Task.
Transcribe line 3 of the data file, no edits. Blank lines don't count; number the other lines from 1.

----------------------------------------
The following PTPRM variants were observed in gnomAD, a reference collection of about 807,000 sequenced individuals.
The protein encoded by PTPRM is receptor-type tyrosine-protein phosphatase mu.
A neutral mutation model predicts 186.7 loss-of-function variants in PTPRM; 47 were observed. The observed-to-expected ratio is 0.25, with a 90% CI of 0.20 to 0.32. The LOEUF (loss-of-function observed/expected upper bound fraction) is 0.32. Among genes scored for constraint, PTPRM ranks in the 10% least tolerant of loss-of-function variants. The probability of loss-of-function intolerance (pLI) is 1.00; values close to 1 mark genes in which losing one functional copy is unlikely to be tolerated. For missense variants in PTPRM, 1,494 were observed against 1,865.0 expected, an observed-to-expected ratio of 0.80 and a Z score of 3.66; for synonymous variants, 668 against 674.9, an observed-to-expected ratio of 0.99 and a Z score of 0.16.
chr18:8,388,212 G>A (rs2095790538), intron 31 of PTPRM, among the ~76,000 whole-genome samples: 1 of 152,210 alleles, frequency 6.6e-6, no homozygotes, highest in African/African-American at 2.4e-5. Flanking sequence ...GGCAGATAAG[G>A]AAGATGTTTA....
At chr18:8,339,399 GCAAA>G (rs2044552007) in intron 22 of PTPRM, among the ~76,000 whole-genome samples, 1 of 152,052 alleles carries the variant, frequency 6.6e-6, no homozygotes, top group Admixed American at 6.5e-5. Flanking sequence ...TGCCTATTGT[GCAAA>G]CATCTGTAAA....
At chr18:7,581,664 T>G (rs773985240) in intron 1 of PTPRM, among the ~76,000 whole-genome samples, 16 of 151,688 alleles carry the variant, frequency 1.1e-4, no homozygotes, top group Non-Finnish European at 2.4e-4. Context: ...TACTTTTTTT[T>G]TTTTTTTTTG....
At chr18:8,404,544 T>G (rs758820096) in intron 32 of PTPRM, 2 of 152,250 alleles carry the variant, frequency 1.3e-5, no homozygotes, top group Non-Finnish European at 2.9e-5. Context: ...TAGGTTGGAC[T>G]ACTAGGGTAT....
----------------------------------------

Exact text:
A neutral mutation model predicts 186.7 loss-of-function variants in PTPRM; 47 were observed. The observed-to-expected ratio is 0.25, with a 90% CI of 0.20 to 0.32. The LOEUF (loss-of-function observed/expected upper bound fraction) is 0.32. Among genes scored for constraint, PTPRM ranks in the 10% least tolerant of loss-of-function variants. The probability of loss-of-function intolerance (pLI) is 1.00; values close to 1 mark genes in which losing one functional copy is unlikely to be tolerated. For missense variants in PTPRM, 1,494 were observed against 1,865.0 expected, an observed-to-expected ratio of 0.80 and a Z score of 3.66; for synonymous variants, 668 against 674.9, an observed-to-expected ratio of 0.99 and a Z score of 0.16.